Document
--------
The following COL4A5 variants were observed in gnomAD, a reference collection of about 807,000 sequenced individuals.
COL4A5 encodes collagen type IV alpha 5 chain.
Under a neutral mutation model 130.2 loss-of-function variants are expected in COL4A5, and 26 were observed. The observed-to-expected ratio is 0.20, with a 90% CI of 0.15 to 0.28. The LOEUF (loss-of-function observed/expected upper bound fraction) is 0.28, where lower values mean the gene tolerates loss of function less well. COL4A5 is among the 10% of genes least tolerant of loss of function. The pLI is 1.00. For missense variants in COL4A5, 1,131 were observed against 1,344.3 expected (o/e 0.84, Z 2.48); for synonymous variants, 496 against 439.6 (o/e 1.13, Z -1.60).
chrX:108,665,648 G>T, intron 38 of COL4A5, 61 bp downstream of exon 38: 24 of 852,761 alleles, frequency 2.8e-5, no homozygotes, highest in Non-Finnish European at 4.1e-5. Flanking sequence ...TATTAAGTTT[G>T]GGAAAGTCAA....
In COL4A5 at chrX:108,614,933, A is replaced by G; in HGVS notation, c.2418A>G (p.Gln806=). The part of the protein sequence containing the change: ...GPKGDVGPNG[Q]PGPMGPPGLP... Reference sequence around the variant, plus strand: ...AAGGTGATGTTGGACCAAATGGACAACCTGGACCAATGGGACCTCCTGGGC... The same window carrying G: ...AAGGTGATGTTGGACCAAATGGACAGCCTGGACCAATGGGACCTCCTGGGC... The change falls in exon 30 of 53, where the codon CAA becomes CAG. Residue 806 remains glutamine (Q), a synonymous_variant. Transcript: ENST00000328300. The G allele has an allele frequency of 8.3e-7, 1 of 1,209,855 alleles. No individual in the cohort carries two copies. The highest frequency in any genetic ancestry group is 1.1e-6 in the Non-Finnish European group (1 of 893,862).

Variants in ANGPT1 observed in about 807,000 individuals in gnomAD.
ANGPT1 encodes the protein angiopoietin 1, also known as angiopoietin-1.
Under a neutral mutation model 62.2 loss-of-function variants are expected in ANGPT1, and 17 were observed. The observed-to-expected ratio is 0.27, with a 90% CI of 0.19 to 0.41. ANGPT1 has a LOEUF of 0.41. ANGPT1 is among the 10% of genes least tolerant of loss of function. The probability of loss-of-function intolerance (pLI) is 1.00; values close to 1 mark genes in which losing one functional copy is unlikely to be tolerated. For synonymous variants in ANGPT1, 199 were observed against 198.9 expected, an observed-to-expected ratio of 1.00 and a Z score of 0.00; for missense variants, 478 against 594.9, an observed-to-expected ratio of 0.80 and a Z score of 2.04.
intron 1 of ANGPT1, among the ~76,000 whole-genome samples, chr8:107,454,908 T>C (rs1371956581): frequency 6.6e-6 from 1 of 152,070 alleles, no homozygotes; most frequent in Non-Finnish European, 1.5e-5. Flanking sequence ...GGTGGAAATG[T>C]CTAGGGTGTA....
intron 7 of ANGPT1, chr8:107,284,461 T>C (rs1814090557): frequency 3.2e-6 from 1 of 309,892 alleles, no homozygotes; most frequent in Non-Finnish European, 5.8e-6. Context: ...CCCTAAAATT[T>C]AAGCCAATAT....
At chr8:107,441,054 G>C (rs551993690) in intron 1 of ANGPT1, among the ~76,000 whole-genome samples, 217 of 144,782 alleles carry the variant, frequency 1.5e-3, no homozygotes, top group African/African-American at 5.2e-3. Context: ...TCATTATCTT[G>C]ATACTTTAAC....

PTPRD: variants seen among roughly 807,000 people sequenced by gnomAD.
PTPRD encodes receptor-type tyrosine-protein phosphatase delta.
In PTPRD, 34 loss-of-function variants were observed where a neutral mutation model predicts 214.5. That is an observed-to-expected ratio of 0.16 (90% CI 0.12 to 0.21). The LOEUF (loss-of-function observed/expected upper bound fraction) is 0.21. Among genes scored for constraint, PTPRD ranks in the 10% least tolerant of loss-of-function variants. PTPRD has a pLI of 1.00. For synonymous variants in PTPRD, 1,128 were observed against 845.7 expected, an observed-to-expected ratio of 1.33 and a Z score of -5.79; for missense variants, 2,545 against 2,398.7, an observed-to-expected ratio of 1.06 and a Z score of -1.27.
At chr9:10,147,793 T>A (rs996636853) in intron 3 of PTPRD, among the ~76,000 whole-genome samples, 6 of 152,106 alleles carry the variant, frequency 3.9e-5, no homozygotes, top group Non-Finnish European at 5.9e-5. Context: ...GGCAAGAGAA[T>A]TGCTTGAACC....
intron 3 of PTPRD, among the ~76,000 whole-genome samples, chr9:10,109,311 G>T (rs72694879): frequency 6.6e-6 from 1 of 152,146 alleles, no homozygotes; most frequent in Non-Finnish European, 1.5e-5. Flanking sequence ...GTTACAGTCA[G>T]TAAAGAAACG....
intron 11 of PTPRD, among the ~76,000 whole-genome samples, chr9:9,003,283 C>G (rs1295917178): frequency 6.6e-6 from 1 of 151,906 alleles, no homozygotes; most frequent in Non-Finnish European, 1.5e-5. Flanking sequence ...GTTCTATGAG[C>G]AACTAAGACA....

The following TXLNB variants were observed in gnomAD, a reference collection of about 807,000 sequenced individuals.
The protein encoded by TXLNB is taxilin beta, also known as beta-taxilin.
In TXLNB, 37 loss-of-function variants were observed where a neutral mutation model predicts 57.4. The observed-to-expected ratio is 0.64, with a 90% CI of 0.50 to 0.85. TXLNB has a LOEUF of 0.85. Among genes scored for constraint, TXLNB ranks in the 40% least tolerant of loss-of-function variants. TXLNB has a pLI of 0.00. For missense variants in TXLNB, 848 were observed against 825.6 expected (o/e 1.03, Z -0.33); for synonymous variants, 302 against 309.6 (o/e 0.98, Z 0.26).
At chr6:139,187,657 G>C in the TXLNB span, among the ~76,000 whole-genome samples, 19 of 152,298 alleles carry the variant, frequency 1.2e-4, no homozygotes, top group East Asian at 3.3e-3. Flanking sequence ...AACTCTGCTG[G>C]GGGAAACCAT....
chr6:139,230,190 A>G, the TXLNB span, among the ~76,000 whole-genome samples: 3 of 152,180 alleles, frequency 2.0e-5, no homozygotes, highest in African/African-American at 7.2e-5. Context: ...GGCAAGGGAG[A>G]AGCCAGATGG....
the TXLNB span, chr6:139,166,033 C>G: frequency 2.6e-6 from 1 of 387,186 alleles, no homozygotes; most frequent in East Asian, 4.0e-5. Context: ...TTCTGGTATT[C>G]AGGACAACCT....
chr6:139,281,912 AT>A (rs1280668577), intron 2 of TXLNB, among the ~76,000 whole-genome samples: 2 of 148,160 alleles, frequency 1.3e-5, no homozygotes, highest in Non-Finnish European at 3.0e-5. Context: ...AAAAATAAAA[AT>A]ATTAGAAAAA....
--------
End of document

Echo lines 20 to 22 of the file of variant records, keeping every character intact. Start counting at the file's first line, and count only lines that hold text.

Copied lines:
In TXLNB, 37 loss-of-function variants were observed where a neutral mutation model predicts 57.4. The observed-to-expected ratio is 0.64, with a 90% CI of 0.50 to 0.85. TXLNB has a LOEUF of 0.85. Among genes scored for constraint, TXLNB ranks in the 40% least tolerant of loss-of-function variants. TXLNB has a pLI of 0.00. For missense variants in TXLNB, 848 were observed against 825.6 expected (o/e 1.03, Z -0.33); for synonymous variants, 302 against 309.6 (o/e 0.98, Z 0.26).
At chr6:139,187,657 G>C in the TXLNB span, among the ~76,000 whole-genome samples, 19 of 152,298 alleles carry the variant, frequency 1.2e-4, no homozygotes, top group East Asian at 3.3e-3. Flanking sequence ...AACTCTGCTG[G>C]GGGAAACCAT....
chr6:139,230,190 A>G, the TXLNB span, among the ~76,000 whole-genome samples: 3 of 152,180 alleles, frequency 2.0e-5, no homozygotes, highest in African/African-American at 7.2e-5. Context: ...GGCAAGGGAG[A>G]AGCCAGATGG....